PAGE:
Apert Syndrome falls into the category of genetic disorders called craniosynostosis and specifically causes craniofacial and limb abnormalities. Apert Syndrome is not a common condition, as it estimatedly affects only 1 in every 160,000-200,000 babies. This form of craniosynostosis is named for the French physician E. Apert, who first distinguished the condition in 1906. In a child without a form of craniosynstosis, the skull is comprised of multiple ‘plates’ that are loosely linked to each other and over time fuse together to produce a normal adult skull. In general, craniosynostosis prompts a premature fusion of the plates of the skull, resulting in limited brain expansion and an elevated pressure in the brain as it grows. Webbed fingers and toes (syndactyly) in Apert Syndrome is one of the distinguishing features with fusion of two or more digits both on the hands and the feet.
What is Apert Syndrome?
Apert Syndrome is a genetic disease in which specific ‘sutures,’ or openings between the skull bones close together too early, most often aesthetically affecting the shape of the skull, midface, feet, and hands. It can be genetically inherited from a parent or, more likely, occur as a new mutation with no family history of the disorder. With Apert Syndrome, the premature merging of the skull bones hinders the skull from expanding normally, causes the midface area to look concave or hollowed in, and the fingers and toes are fused together in differing severities. The mentioned fusion of the fingers and toes (sindactyly), as well as the distinct craniofacial issues described above, are the true distinguishing features that separate Apert Syndrome from other similar conditions.
What Causes Apert Syndrome?
Apert Syndrome can be inherited as an autosomal dominant condition, which means only one parent needs to pass on the mutated gene for a child to be affected. Most often, however, babies are born with Apert Syndrome with no family history of the gene alteration. The reason for this gene mutation is currently not fully understood.
Apert Syndrome and Genetics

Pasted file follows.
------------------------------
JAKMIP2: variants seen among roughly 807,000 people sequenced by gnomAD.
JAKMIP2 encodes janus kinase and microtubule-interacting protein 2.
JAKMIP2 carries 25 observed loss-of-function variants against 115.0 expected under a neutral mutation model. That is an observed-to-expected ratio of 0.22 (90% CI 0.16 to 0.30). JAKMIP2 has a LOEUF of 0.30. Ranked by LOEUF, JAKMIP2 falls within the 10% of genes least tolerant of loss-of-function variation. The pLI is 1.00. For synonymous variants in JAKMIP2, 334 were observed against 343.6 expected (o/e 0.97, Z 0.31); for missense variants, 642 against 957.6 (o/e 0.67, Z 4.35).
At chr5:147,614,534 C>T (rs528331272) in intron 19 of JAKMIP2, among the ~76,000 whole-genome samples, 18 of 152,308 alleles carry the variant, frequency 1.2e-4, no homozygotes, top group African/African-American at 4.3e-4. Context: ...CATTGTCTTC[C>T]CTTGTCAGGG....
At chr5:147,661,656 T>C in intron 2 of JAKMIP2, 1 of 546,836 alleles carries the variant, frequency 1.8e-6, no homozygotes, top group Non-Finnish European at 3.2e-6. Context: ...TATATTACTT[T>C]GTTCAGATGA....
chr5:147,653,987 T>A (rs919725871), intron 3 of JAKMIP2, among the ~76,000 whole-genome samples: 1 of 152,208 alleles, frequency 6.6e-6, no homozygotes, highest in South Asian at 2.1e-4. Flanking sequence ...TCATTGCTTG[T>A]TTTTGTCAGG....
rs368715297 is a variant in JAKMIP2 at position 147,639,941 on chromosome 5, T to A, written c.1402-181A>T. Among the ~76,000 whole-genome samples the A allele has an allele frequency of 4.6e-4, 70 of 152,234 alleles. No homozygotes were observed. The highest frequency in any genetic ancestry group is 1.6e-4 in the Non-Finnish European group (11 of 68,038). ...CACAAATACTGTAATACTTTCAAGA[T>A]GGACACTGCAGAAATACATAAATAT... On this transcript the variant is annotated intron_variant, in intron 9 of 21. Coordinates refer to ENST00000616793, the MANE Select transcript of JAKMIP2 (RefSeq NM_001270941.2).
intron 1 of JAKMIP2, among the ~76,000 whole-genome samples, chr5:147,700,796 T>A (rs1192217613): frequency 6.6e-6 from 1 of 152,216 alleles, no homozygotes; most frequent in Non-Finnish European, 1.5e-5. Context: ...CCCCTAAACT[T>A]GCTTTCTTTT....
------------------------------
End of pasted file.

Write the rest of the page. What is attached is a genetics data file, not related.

On chromosome 10, an alteration of the FGFR2 gene causes Apert Syndrome. This specific gene generates a protein called fibroblast growth factor receptor 2, which provides as a signal for immature fetal cells to mature into bone cells in the womb. The mutation of the gene causes an extended signaling, which in turn stimulates the premature merging of bones in the skull, hands, and feet.
A person with Apert Syndrome has a 50% chance of passing the disease on to the next generation. The mutated gene causing this condition is dominant. This means that an unaffected child who has a parent with Apert Syndrome cannot carry the gene recessively and has 0% chance of passing the disease genetically on to his or her own children.
Also, if parents without Apert Syndrome produce a child with Apert Syndrome, they are no more likely to have another child with Apert than any other non-affected person in the population. Studies have displayed children with Apert Syndrome have been often born to older fathers.
Problems Associated with Apert Syndrome
Other health issues or aesthetic characteristics that may possibly arise as part of or a result of complications related to Apert Syndrome include, but are not limited to:
- Recurrent ear infections
- Hearing loss
- Late closing or large soft spot on baby’s head
- Potential mental delays (differs from person to person)
- Pronounced bulging eyes
- Short in stature
- Severe webbing of hands and feet
- Sleep apnea
- Myriad of heart defects
- Severe acne
- Polycystic kidneys
- Bicornate uterus
- Tracheoesophageal Fistula
Treatment for Apert Syndrome
Under the best circumstances, treatment for Apert Syndrome begins at birth with correct diagnosis, recognition of the child’s particular needs, and the right facilities to handle the child’s medical needs. A comprehensive care approach is used to care for the child ideally, with a craniofacial anomalies team comprised of specialists such as a craniofacial surgeon, neurosurgeon, ENT, audiologist, speech pathologist, ophthalmologist, orthodontist, oral surgeon, and psychologist. Through an ongoing and collaborative team effort, whatever group of specialists needed and selected to increase the health of the child, will work together to determine the best treatment plan for the child’s deficits.
Treatment for a child with Apert Syndrome typically includes multiple surgeries to rectify abnormal bone growth of the skull, as well as the fusion of the toes and fingers. Other required therapies depend on the child’s particular situation and the severity of the syndrome. Children with Apert Syndrome should ideally receive specialized treatment at a children’s medical center.
If you would like more information about this craniofacial anomaly, please contact the Craniofacial Team of Texas by calling 512-377-1142 or toll free 877-612-7069 to schedule an appointment or complete an online appointment request.